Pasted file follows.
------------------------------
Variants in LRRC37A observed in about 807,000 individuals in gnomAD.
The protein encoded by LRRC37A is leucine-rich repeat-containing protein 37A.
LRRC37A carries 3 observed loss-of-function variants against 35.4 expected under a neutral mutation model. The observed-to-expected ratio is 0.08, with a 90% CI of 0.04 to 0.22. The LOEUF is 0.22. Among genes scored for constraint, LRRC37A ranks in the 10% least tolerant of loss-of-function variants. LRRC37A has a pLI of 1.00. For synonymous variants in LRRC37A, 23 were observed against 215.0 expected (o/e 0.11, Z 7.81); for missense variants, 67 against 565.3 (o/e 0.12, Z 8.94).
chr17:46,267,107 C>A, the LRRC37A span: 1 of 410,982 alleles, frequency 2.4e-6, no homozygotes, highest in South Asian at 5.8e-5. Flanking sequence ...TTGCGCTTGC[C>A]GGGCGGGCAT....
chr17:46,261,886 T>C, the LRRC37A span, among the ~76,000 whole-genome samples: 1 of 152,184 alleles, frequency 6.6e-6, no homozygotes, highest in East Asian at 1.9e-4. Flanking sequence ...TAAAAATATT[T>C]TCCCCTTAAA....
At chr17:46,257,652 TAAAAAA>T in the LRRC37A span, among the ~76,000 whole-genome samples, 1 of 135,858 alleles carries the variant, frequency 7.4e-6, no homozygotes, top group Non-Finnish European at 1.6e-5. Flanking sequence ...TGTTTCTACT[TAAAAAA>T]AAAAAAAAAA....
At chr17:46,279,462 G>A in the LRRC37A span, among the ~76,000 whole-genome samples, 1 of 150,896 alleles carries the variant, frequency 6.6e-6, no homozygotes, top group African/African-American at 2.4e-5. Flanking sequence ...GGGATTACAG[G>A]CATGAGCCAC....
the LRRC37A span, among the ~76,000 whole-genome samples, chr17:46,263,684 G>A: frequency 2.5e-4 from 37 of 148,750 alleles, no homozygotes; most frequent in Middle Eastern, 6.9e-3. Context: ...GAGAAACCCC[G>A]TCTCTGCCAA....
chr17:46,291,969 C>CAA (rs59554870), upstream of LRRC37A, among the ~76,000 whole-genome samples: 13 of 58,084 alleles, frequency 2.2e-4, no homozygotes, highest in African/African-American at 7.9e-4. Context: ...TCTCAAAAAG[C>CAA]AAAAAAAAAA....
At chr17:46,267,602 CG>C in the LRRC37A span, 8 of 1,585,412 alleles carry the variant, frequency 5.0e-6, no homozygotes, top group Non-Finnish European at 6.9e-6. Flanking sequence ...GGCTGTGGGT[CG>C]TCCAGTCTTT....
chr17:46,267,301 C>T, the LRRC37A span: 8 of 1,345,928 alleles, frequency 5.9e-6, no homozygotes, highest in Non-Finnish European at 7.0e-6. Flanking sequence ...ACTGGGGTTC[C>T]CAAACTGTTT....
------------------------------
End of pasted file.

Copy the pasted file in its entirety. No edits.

Variants in LRRC37A observed in about 807,000 individuals in gnomAD.
The protein encoded by LRRC37A is leucine-rich repeat-containing protein 37A.
LRRC37A carries 3 observed loss-of-function variants against 35.4 expected under a neutral mutation model. The observed-to-expected ratio is 0.08, with a 90% CI of 0.04 to 0.22. The LOEUF is 0.22. Among genes scored for constraint, LRRC37A ranks in the 10% least tolerant of loss-of-function variants. LRRC37A has a pLI of 1.00. For synonymous variants in LRRC37A, 23 were observed against 215.0 expected (o/e 0.11, Z 7.81); for missense variants, 67 against 565.3 (o/e 0.12, Z 8.94).
chr17:46,267,107 C>A, the LRRC37A span: 1 of 410,982 alleles, frequency 2.4e-6, no homozygotes, highest in South Asian at 5.8e-5. Flanking sequence ...TTGCGCTTGC[C>A]GGGCGGGCAT....
chr17:46,261,886 T>C, the LRRC37A span, among the ~76,000 whole-genome samples: 1 of 152,184 alleles, frequency 6.6e-6, no homozygotes, highest in East Asian at 1.9e-4. Flanking sequence ...TAAAAATATT[T>C]TCCCCTTAAA....
At chr17:46,257,652 TAAAAAA>T in the LRRC37A span, among the ~76,000 whole-genome samples, 1 of 135,858 alleles carries the variant, frequency 7.4e-6, no homozygotes, top group Non-Finnish European at 1.6e-5. Flanking sequence ...TGTTTCTACT[TAAAAAA>T]AAAAAAAAAA....
At chr17:46,279,462 G>A in the LRRC37A span, among the ~76,000 whole-genome samples, 1 of 150,896 alleles carries the variant, frequency 6.6e-6, no homozygotes, top group African/African-American at 2.4e-5. Flanking sequence ...GGGATTACAG[G>A]CATGAGCCAC....
the LRRC37A span, among the ~76,000 whole-genome samples, chr17:46,263,684 G>A: frequency 2.5e-4 from 37 of 148,750 alleles, no homozygotes; most frequent in Middle Eastern, 6.9e-3. Context: ...GAGAAACCCC[G>A]TCTCTGCCAA....
chr17:46,291,969 C>CAA (rs59554870), upstream of LRRC37A, among the ~76,000 whole-genome samples: 13 of 58,084 alleles, frequency 2.2e-4, no homozygotes, highest in African/African-American at 7.9e-4. Context: ...TCTCAAAAAG[C>CAA]AAAAAAAAAA....
At chr17:46,267,602 CG>C in the LRRC37A span, 8 of 1,585,412 alleles carry the variant, frequency 5.0e-6, no homozygotes, top group Non-Finnish European at 6.9e-6. Flanking sequence ...GGCTGTGGGT[CG>C]TCCAGTCTTT....
chr17:46,267,301 C>T, the LRRC37A span: 8 of 1,345,928 alleles, frequency 5.9e-6, no homozygotes, highest in Non-Finnish European at 7.0e-6. Flanking sequence ...ACTGGGGTTC[C>T]CAAACTGTTT....